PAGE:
Earlier this month, reports emerged that Microsoft was planning a reorganization that would bring a greater focus on devices and services. Its Xbox console aside, Microsoft's move into computing hardware is a largely new step, as the software giant entered the fray only in the past year with the announcement of its Surface tablets.
The new arrangement is said to have been guided largely by Microsoft CEO Steve Ballmer, with a number of senior executives outside the loop and somewhat anxious regarding their futures at the company, according to AllThingsD.
“It feels like it is going to be titanic — that Steve is doing this change for his legacy,” said one source. “And it’s the first time in a long time that it feels like that there will be some major shifts, including some departures.”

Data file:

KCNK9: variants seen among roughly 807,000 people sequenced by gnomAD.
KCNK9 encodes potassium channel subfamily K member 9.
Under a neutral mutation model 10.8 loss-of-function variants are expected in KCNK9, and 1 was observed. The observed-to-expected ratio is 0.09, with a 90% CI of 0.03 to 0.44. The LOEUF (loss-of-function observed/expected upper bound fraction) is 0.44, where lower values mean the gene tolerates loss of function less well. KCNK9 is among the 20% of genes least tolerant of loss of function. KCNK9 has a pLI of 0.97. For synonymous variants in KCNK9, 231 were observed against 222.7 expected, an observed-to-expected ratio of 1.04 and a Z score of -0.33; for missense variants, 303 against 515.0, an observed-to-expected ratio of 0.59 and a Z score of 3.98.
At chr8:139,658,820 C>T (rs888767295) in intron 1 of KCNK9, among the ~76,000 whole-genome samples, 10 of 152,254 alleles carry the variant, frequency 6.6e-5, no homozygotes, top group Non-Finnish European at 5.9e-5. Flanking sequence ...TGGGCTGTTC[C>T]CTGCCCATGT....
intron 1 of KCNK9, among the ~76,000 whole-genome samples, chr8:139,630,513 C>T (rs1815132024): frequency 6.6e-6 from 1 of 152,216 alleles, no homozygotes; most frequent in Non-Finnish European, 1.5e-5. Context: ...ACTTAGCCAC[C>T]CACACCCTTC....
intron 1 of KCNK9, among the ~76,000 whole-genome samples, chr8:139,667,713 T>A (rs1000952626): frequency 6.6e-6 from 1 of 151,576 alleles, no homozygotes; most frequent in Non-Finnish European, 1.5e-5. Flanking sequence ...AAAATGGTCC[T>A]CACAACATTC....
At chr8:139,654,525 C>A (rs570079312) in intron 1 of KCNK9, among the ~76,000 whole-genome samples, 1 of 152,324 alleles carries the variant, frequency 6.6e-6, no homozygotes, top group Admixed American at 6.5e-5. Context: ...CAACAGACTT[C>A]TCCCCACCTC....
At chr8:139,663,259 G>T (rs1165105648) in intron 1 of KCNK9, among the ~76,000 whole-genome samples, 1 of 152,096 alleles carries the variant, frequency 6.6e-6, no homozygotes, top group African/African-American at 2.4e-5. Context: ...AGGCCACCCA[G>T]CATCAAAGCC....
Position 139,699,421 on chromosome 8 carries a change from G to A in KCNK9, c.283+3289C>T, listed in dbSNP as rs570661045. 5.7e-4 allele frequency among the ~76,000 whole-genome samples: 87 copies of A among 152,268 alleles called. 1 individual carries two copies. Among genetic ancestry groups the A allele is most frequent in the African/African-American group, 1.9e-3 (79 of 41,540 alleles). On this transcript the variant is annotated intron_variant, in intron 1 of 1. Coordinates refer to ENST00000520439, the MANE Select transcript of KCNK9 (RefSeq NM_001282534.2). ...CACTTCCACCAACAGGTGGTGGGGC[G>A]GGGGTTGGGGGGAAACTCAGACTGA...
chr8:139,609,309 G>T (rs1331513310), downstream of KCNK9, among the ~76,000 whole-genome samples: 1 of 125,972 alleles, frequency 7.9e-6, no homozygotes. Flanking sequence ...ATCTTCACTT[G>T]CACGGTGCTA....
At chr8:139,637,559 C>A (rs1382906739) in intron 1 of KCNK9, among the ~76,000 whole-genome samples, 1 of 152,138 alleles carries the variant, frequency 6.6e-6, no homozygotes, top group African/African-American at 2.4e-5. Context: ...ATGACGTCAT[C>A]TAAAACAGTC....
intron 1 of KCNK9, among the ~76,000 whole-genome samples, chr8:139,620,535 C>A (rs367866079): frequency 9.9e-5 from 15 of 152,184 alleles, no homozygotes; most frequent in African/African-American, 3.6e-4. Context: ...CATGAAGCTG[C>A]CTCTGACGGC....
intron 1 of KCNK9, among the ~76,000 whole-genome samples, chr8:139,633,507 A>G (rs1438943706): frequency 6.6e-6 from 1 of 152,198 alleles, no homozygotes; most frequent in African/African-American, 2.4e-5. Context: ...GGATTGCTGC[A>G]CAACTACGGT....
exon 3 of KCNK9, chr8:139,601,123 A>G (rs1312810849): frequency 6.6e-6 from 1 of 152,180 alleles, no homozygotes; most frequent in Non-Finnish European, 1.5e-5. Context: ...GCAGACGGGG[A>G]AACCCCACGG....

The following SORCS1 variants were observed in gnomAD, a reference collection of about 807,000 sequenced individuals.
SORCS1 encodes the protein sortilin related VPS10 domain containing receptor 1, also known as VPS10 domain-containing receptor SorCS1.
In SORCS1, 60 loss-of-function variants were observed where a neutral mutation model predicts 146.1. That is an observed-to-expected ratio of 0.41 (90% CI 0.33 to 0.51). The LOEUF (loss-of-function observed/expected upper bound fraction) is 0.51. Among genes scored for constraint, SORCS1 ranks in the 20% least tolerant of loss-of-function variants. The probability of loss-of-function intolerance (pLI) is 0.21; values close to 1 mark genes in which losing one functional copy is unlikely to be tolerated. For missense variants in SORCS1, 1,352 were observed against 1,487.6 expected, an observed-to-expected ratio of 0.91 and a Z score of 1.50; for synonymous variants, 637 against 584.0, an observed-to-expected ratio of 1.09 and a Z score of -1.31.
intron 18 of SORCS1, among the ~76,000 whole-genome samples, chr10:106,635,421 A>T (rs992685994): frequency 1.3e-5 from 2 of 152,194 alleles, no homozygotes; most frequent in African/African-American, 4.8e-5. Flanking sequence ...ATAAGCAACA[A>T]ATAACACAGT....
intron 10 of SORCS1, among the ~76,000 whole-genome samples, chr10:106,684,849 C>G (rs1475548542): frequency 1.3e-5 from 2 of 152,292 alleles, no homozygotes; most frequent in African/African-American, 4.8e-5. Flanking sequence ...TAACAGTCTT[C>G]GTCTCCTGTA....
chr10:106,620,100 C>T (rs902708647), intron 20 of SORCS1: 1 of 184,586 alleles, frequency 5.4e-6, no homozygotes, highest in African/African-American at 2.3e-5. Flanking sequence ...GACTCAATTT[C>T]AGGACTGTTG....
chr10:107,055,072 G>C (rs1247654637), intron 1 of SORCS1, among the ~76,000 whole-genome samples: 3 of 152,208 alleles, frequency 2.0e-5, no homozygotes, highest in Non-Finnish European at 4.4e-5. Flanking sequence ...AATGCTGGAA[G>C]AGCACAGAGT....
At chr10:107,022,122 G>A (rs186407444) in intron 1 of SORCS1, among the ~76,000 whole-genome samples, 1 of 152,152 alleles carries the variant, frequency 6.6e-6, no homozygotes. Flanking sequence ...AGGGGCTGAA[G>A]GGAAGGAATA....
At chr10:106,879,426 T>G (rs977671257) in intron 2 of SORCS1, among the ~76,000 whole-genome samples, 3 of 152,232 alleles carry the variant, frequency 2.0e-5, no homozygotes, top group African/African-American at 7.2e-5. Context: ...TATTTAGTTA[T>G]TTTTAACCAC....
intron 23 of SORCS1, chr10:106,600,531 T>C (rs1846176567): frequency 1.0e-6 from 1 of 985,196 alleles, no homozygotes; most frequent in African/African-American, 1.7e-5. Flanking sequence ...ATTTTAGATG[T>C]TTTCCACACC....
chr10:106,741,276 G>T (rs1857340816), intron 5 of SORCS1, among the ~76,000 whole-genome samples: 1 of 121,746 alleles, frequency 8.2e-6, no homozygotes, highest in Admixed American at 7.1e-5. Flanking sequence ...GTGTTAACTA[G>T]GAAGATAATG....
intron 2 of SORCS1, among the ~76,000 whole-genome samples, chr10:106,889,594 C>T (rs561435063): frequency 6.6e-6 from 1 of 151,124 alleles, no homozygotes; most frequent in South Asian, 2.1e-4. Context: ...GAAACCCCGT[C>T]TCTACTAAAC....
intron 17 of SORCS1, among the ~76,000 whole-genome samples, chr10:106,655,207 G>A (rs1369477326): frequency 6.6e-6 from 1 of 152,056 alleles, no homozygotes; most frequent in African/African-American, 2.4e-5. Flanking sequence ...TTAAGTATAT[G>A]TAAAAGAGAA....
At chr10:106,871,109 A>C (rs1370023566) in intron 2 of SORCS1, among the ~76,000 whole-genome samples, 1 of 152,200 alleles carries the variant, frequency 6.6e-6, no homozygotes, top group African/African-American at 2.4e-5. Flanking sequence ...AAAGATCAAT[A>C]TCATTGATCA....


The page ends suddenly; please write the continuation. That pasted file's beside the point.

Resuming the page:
At the center of the reorganization would be a simplification of Microsoft's management structure. Reports from earlier this month floated the possibility that the Windows OS group could be jointly headed by Windows Phone lead Terry Myerson and Windows engineering head Julie Larson-Green.
This sort of alignment would be aimed at bringing Windows and Windows Phone closer together in capabilities and interoperability. Microsoft's attempt at gaining a foothold in the smartphone market has so far disappointed, even though it has gained some marketshare.
The company's Windows desktop platform has been having just as difficult a time. Consumers increasingly are opting for smartphones and tablets instead of traditional computing form factors. The company's Windows 8 was supposed to address this trend, blending Windows' legacy apps with a new touchscreen interface. The results in terms of sales, though, have been underwhelming for both Microsoft and its manufacturing partners.
The new corporate organizational structure might materialize by July 1, with Ballmer revealing the plan to a group of senior executives.